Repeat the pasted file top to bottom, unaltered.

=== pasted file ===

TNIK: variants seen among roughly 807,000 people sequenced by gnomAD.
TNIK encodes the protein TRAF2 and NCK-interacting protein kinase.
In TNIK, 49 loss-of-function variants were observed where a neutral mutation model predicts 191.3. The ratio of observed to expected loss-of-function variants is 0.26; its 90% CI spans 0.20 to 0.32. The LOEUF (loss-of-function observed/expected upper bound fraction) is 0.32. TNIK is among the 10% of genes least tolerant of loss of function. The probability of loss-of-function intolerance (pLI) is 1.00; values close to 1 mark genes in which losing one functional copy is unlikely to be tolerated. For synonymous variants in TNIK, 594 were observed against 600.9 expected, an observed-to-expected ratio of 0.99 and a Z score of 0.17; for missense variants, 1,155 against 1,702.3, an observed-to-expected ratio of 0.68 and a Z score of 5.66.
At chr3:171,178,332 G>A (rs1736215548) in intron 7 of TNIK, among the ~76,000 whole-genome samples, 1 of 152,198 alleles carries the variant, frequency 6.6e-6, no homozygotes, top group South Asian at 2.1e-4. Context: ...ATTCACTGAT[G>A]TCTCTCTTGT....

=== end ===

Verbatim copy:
TNIK: variants seen among roughly 807,000 people sequenced by gnomAD.
TNIK encodes the protein TRAF2 and NCK-interacting protein kinase.
In TNIK, 49 loss-of-function variants were observed where a neutral mutation model predicts 191.3. The ratio of observed to expected loss-of-function variants is 0.26; its 90% CI spans 0.20 to 0.32. The LOEUF (loss-of-function observed/expected upper bound fraction) is 0.32. TNIK is among the 10% of genes least tolerant of loss of function. The probability of loss-of-function intolerance (pLI) is 1.00; values close to 1 mark genes in which losing one functional copy is unlikely to be tolerated. For synonymous variants in TNIK, 594 were observed against 600.9 expected, an observed-to-expected ratio of 0.99 and a Z score of 0.17; for missense variants, 1,155 against 1,702.3, an observed-to-expected ratio of 0.68 and a Z score of 5.66.
At chr3:171,178,332 G>A (rs1736215548) in intron 7 of TNIK, among the ~76,000 whole-genome samples, 1 of 152,198 alleles carries the variant, frequency 6.6e-6, no homozygotes, top group South Asian at 2.1e-4. Context: ...ATTCACTGAT[G>A]TCTCTCTTGT....